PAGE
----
Memory’s relation to photography and film is integral to much of Blaufuks’ work. One page in Album presents a package for films saying ‘MEMORIES FADE, YOUR PICTURES SHOULDN’T’ and in his book of texts, The Archive, Blaufuks includes a quotation from John Berger which says how: “All photographs are there to remind us of what we forget.” Before Album we are invited to remember. Much as the things copied and preserved might be connected with the life of the artist, what they mean to us is central, they are cues to our recollections and associations. We do the memory work.
In contrast, the video work Now Remember, 2008, invites its subjects to talk alone to a static camera for fifteen minutes with the direction they must say what they remember. They do the memory work. In some senses the videos deal with the genre of portraiture. This is emotional and slightly voyeuristic for the viewer, an encounter with strangers through the intimate technological form of the Ipod, which is used for their display. Now Remember takes its cue from Andy Warhol’s Screen Tests, where subjects were left alone before a running camera. The Screen Tests were silent and slightly slowed down and black and white. Blaufuks’ videos are raw and crude by comparison, the production techniques are low and unrefined, there is no recourse to the eroticism of the face, which becomes a defining characteristic of Warhol’s films. And unlike Warhol’s subjects who are told to simply sit and face the camera, Blaufuks’ subjects are given something to do. They have a task.
Their disclosures of what constitutes a life links to the archival propensity of this work, so much detail. Immersed in the recollections of other people, one should begin to question whether this is about empathy or difference. The humanist premise about what is common and what unities us all begins to unravel in this work. These are not so much confessional videos, though at one point a woman suggests it is confessional when she tells the camera (and us) about an abortion she had. The videos, in many senses, are about what events are important, places seen, childhood events, family, friends, the pleasures and also pains of experience. Blaufuks did not know what might be dredged up in this process. One might assume this work is about being human, about what we may have in common. But there is something about the details, about the accumulation of information we have that starts to constitute a very different kind of document, much as we might relate to some of the recollections, others are more shocking and stark— “I remember the single drop of blood on the couch on the day that my friend Ray shot himself in the head.” Cumulatively the details describe something other, the strangeness of these lives of other people. What is recalled here has a relation with the succession of details preserved in Album, memory traces that simply accumulate, one after the other, but follow no clear narrative or structure. Both Now Remember and Album are about the texture of lives, lives seen through details.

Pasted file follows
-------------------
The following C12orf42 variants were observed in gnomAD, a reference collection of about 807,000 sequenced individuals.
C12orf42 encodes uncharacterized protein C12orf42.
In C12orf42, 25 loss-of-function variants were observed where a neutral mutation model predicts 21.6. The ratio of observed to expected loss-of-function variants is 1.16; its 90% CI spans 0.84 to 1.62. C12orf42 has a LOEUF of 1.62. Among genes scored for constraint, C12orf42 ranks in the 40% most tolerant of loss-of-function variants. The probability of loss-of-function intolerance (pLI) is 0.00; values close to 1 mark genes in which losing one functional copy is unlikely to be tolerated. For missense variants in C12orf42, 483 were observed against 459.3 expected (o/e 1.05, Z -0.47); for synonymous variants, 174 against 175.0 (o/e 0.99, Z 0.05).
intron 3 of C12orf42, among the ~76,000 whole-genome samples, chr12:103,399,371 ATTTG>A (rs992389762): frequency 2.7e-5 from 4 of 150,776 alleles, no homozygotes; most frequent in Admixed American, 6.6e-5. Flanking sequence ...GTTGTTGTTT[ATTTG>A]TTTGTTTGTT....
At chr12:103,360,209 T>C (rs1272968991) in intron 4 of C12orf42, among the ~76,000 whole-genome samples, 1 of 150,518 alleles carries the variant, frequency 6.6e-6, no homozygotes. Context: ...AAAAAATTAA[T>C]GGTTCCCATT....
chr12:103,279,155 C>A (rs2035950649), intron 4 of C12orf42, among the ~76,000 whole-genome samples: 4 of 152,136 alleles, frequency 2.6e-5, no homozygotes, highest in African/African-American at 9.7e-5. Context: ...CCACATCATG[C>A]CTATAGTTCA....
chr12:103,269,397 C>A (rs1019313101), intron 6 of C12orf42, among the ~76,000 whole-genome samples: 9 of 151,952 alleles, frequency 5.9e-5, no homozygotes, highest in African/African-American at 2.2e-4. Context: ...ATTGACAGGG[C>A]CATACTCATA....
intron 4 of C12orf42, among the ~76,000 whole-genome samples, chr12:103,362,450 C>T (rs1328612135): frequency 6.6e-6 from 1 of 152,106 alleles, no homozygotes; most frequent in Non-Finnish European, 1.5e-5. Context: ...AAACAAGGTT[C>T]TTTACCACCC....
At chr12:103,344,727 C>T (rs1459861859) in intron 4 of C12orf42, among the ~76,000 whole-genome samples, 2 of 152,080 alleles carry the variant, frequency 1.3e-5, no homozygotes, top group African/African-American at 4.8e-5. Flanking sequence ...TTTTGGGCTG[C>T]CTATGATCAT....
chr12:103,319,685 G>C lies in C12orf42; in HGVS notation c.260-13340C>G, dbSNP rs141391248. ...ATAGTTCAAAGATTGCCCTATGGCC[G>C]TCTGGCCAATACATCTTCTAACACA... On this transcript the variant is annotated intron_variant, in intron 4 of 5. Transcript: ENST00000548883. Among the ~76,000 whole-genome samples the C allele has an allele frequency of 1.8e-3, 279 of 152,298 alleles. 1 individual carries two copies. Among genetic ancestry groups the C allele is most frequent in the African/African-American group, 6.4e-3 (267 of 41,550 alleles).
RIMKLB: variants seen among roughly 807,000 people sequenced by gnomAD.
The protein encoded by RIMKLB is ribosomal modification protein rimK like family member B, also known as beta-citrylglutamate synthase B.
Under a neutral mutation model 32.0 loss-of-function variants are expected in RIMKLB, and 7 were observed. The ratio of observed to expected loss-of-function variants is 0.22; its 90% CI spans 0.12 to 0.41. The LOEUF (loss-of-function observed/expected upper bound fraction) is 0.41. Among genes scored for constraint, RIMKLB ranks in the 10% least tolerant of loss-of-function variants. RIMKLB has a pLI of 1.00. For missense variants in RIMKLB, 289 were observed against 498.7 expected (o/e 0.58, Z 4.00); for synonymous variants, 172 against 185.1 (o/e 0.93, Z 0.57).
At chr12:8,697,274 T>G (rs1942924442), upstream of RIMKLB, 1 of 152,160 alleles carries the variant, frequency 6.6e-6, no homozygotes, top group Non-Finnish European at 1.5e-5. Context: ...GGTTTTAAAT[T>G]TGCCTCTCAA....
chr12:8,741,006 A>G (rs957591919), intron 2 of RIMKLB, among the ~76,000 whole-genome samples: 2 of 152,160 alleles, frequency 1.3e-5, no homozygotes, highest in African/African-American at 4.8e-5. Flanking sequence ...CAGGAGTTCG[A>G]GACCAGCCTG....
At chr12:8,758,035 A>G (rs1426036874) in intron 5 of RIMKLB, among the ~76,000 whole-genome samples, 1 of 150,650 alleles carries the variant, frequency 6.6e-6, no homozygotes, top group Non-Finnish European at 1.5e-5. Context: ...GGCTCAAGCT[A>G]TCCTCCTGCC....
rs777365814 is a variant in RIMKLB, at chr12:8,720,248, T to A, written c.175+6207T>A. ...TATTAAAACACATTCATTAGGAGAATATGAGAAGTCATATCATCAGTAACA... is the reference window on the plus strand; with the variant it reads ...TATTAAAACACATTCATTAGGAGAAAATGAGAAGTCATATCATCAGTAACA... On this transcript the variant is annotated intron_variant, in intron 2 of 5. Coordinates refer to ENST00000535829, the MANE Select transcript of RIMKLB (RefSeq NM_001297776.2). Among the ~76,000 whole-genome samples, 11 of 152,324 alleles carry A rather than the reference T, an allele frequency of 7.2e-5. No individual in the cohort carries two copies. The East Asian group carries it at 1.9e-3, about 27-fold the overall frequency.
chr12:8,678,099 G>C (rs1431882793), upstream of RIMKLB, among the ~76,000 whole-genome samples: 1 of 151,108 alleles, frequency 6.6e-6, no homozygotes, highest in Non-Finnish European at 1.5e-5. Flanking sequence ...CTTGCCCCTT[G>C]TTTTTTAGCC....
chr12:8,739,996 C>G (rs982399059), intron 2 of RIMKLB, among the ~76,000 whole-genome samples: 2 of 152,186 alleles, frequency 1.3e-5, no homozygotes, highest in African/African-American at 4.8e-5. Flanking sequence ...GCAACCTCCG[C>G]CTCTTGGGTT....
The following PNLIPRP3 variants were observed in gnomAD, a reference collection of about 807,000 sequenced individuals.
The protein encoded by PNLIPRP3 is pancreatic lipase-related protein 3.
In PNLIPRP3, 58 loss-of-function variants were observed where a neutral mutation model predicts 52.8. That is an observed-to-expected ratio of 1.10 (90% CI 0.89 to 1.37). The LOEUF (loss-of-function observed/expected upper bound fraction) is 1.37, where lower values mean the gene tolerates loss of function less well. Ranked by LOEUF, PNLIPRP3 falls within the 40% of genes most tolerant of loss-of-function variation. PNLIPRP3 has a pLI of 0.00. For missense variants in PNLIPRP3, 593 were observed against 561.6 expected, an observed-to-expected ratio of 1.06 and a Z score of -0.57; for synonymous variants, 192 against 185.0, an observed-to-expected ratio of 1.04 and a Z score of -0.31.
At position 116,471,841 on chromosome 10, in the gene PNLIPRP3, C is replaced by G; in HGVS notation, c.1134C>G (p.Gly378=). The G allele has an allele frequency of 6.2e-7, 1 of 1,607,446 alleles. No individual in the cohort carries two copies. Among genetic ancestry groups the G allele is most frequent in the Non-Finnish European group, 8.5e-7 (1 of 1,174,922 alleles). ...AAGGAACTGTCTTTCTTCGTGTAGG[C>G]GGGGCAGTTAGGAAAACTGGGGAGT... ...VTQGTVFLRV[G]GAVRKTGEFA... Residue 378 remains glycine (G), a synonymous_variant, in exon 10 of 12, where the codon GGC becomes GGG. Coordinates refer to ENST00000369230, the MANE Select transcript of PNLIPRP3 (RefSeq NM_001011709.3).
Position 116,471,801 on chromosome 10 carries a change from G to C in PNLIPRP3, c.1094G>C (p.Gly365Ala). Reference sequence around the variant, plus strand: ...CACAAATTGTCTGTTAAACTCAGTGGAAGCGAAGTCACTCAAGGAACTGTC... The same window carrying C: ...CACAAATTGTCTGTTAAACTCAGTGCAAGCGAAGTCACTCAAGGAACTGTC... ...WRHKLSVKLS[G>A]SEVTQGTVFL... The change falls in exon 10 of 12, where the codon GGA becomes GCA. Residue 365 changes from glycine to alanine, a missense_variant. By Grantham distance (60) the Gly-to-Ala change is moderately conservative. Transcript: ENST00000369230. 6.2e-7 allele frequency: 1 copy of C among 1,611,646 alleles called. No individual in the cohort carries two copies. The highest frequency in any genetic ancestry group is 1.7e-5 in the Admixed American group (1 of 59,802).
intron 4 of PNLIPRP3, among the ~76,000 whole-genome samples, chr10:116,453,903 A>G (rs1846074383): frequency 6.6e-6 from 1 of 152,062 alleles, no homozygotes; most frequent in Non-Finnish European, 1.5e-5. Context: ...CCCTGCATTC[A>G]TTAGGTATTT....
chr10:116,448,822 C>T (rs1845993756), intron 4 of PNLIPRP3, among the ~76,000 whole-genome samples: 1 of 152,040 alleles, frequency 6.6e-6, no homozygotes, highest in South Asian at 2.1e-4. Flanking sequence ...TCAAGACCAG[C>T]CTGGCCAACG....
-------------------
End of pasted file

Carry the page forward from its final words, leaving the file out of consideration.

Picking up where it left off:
In his video Perfect Day, Blaufuks deals not with details but with the stereotype and the generic, the blanket uniformity of popular mass forms of representation, the cloying clichés of a succession of sunny postcard views of mountains, lakes, hotels and cities. The repetition of such ideal and perfect imagery brings out their artifice and fakery. Lou Reed’s well-known song Perfect Day is edited and looped to provide a rather elegiac and dirge-like soundtrack to the video. The project was conceived and presented in New York after September 11th, which according to witnesses was such a perfect day.